We are now hiring a full-time Custom Projects Coordinator! Learn more here.

Big Is Beautiful: Debunking the Myth of Small Business

Robert D. Atkinson, Michael Lind

This provocative book claims that small business is not the basis of American prosperity. Pointing to the advantages of scale for job creation, productivity, innovation, and virtually all other economic benefits, the authors argue for a "size neutral" policy approach that would encourage growth rather than enshrine an anachronism.

READ FULL DESCRIPTION

Bulk non-returnable discounts

Quantity Price Discount
List Price $29.95  
1 - 24 $23.96 20%
25 + $20.97 30%

Quick Quote

Lorem ipsum dolor sit amet, consectetur adipisicing elit

$29.95


Book Information

Publisher: MIT Press.
Publish Date: 03/30/2018
Pages: 368
ISBN-13: 9780262037709
ISBN-10: 026203770X
Language: English

Full Description

Why small business is not the basis of American prosperity, not the foundation of American democracy, and not the champion of job creation.

In this provocative book, Robert Atkinson and Michael Lind argue that small business is not, as is widely claimed, the basis of American prosperity. Small business is not responsible for most of the country's job creation and innovation. American democracy does not depend on the existence of brave bands of self-employed citizens. Small businesses are not systematically discriminated against by government policy makers. Rather, Atkinson and Lind argue, small businesses are not the font of jobs, because most small businesses fail. The only kind of small firm that contributes to technological innovation is the technological start-up, and its success depends on scaling up. The idea that self-employed citizens are the foundation of democracy is a relic of Jeffersonian dreams of an agrarian society. And governments, motivated by a confused mix of populist and free market ideology, in fact go out of their way to promote small business. Every modern president has sung the praises of small business, and every modern president, according to Atkinson and Lind, has been wrong.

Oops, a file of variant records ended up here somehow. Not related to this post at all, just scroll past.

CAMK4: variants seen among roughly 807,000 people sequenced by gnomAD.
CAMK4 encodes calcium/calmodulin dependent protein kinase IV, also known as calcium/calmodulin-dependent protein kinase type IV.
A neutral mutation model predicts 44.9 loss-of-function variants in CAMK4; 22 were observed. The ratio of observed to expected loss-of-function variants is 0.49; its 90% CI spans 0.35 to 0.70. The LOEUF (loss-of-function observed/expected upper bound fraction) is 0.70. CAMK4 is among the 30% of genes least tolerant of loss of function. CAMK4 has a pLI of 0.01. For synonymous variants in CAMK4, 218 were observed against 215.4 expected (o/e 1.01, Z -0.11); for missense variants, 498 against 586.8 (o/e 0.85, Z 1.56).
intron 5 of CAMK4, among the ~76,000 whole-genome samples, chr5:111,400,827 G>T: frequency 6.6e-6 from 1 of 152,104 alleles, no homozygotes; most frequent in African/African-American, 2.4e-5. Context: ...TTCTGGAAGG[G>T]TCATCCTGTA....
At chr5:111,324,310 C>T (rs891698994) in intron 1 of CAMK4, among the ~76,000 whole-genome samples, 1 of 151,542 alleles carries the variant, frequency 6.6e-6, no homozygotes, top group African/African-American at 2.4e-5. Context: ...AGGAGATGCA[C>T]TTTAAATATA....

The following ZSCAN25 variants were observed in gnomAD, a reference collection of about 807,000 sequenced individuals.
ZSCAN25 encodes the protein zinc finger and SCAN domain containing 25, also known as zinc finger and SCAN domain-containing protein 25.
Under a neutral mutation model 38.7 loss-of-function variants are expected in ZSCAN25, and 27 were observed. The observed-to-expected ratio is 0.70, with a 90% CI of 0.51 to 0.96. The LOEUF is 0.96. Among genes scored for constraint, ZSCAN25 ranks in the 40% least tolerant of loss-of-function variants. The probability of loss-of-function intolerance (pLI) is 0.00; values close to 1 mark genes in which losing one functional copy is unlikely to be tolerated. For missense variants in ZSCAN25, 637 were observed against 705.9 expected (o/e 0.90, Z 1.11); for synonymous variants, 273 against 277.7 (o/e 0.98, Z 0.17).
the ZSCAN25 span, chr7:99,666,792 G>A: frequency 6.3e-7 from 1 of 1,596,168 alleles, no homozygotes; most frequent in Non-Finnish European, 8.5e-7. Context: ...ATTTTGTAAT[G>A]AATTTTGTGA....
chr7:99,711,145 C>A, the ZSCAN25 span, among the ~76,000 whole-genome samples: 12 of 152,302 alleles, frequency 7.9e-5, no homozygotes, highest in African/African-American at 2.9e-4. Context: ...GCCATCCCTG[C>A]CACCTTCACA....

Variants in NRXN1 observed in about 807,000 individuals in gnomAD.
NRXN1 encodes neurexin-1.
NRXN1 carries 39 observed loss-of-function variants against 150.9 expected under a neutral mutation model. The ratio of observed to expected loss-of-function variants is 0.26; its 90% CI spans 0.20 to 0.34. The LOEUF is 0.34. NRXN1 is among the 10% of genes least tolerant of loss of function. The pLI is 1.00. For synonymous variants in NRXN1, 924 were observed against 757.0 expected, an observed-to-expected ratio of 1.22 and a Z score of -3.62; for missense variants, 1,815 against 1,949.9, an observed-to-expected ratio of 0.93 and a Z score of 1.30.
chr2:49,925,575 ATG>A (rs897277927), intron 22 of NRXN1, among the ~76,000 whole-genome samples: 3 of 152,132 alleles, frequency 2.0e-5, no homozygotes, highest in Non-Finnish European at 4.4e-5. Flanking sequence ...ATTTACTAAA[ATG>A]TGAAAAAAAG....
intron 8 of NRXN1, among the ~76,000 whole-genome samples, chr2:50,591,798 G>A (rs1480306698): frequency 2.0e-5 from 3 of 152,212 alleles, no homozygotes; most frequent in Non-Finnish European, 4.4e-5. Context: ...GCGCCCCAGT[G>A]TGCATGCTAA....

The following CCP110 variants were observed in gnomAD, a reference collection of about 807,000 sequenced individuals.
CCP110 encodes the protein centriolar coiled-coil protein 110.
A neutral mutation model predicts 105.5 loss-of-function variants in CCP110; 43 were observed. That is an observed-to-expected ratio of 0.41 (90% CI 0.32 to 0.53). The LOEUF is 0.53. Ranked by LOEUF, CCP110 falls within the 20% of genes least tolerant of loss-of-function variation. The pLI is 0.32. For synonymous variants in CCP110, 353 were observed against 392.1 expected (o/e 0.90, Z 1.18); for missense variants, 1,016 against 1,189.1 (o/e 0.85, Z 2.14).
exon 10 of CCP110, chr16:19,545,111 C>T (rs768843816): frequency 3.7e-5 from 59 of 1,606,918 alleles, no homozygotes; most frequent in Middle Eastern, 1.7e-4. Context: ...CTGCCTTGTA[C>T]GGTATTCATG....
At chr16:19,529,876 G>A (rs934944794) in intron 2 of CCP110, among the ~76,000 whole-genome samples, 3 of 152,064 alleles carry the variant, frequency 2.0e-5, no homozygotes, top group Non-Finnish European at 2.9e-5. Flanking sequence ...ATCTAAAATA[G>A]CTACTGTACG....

Pointing to the advantages of scale for job creation, productivity, innovation, and virtually all other economic benefits, Atkinson and Lind argue for a "size neutral" policy approach both in the United States and around the world that would encourage growth rather than enshrine an anachronism. If we overthrow the "small is beautiful" ideology, we will be able to recognize large firms as the engines of progress and prosperity that they are.

We have updated our privacy policy. Click here to read our full policy.